Is there anything in your world you need to declare "done" but haven't yet?
I'll take a deeper look at completing the past to prepare for the future in a public webinar I'm doing in January on Creating Wild Success in 2013. We'd love to have you join us online for that.
Until then, my essay this month should give you some good direction about going back to those things you need to unhook from and how to be complete with that.
All the best,
DAVID'S FOOD FOR THOUGHT
WHAT DO YOU NEED TO STOP DOING?
We've got to learn to declare things DONE. Especially when they're not. Not completed, that is, to the level of perfection or result that we initially visualized or committed to.
The world changes, and our creative focus along with it. So do our standards. We will always maintain some inventory or backlog of projects to complete, of things to do. But if we're not careful and take responsibility for unhooking from those that have outlived their seat on our active list, they can easily constipate our creative process.
I have spent more hours than I can count holding a focus for people while they purged tons of undone, incomplete "stuff" lying around their life. And one of the most difficult exercises for teams is their "disengagement" strategy—what do we need to stop doing, in order to stay focused on what we have to accomplish? And how long did it take me to realize that I no longer am a 33"-waisted person???!!! And that I don't like jeans that are too tight????!!!!! (Some standards change in spite of ourselves!)
Maybe this difficulty with letting go of things that we have outgrown stems from the admonition so many of us grew up with to "finish everything on your plate before you get dessert!" Maybe it's because of our proclivity to attach to materiality. Maybe it's just psychic entropy.
In any case, it's wise to maintain a "Someday Maybe" list very close to your "Projects" list, so it is easy to slide things from the latter to the former, to relieve the pressure of the undone. It's smart to "library" all of your books but the one you're reading right now. And valuable to purge your closets and drawers at least every season, knowing where the local clothing donation drop is, along the route of your regular errands.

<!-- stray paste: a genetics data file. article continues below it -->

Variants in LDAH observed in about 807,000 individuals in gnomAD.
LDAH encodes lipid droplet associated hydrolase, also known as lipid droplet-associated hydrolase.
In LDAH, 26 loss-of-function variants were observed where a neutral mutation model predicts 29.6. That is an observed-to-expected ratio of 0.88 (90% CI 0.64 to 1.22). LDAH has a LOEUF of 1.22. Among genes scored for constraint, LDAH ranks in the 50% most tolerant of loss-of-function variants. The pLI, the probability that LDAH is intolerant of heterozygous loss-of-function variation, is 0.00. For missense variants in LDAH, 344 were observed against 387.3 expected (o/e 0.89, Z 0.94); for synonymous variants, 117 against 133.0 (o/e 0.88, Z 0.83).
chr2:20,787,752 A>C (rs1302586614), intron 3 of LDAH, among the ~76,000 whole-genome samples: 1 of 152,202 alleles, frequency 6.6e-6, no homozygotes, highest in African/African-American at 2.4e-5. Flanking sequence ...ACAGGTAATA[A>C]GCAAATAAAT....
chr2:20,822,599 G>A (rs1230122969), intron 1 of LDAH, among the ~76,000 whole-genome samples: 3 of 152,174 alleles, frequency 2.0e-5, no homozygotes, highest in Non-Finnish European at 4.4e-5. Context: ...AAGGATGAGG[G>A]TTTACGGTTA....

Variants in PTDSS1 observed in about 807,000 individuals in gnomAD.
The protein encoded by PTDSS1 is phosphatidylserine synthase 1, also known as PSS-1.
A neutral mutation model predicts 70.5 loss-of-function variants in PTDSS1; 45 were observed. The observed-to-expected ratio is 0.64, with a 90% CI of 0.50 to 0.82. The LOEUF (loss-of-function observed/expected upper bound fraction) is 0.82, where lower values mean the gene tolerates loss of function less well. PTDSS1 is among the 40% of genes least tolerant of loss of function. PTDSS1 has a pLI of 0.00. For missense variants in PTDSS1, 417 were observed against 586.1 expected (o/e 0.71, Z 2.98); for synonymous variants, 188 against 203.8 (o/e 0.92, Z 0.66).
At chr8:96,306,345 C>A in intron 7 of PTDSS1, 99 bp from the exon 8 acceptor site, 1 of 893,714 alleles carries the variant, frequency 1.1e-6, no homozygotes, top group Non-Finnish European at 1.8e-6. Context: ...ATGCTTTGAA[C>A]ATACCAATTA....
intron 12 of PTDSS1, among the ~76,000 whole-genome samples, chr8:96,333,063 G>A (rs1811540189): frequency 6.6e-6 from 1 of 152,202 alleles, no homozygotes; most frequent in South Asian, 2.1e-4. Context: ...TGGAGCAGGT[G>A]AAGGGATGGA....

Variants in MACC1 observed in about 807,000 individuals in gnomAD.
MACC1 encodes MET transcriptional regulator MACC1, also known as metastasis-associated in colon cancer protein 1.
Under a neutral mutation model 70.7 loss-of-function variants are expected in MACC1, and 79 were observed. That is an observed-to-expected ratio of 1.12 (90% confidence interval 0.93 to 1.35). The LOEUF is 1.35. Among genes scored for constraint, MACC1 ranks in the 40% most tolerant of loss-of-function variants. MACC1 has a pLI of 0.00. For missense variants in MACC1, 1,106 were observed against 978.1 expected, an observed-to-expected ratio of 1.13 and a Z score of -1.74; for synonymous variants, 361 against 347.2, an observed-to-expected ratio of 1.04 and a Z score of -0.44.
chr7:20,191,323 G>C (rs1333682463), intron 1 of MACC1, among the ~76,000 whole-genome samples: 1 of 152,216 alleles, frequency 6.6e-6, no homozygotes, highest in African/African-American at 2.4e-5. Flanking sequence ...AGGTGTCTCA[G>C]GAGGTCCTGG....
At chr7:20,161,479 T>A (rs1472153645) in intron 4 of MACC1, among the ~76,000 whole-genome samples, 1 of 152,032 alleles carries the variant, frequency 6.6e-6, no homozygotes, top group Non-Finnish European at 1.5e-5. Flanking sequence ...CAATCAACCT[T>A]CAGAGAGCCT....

It's a lot more comfortable living life with an inventory of things that fit.
The only man who can't change his mind is the one who hasn't got one.—Edward Noyes Wescott
Q&A WITH DAVID
Question: How do I get people around me to do GTD®?
David's answer: It's really about: How do we effectively communicate? How do we not have to have ambiguous non-decisions made about stuff? So, if nothing else, make sure you have your own GTD system in practice and let everybody else know how to engage with it.
For example, a simple one to implement is letting everybody know where your in-tray is on your desk for new input. And if they have something you need to see, and you're not around, that's exactly where it goes—nowhere else. In other words, don't let them use anything else, like putting sticky notes on your computer screen, or notes on your chair, or whatever else people do. You can also train them to stop interrupting you when they have something they need to give you. If they trust you'll see it in that designated in-tray (because you're emptying it regularly and tracking your commitments from what you process), they start to use it instead of yanking on you to make sure you "see" what they want to make sure you see.
Kevin Eyres, former Managing Director for LinkedIn Europe, talks about using GTD with new employee training, building accountability, and aligning cross-functional teams.
Watch the videos now. (about 1 min. each)
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January 11 | Creating Wild Success in 2013, with David Allen
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GTD® is the popular shorthand for Getting Things Done®, the groundbreaking work-life management system and book by David Allen that transforms personal overwhelm and overload into an integrated system of stress-free productivity.
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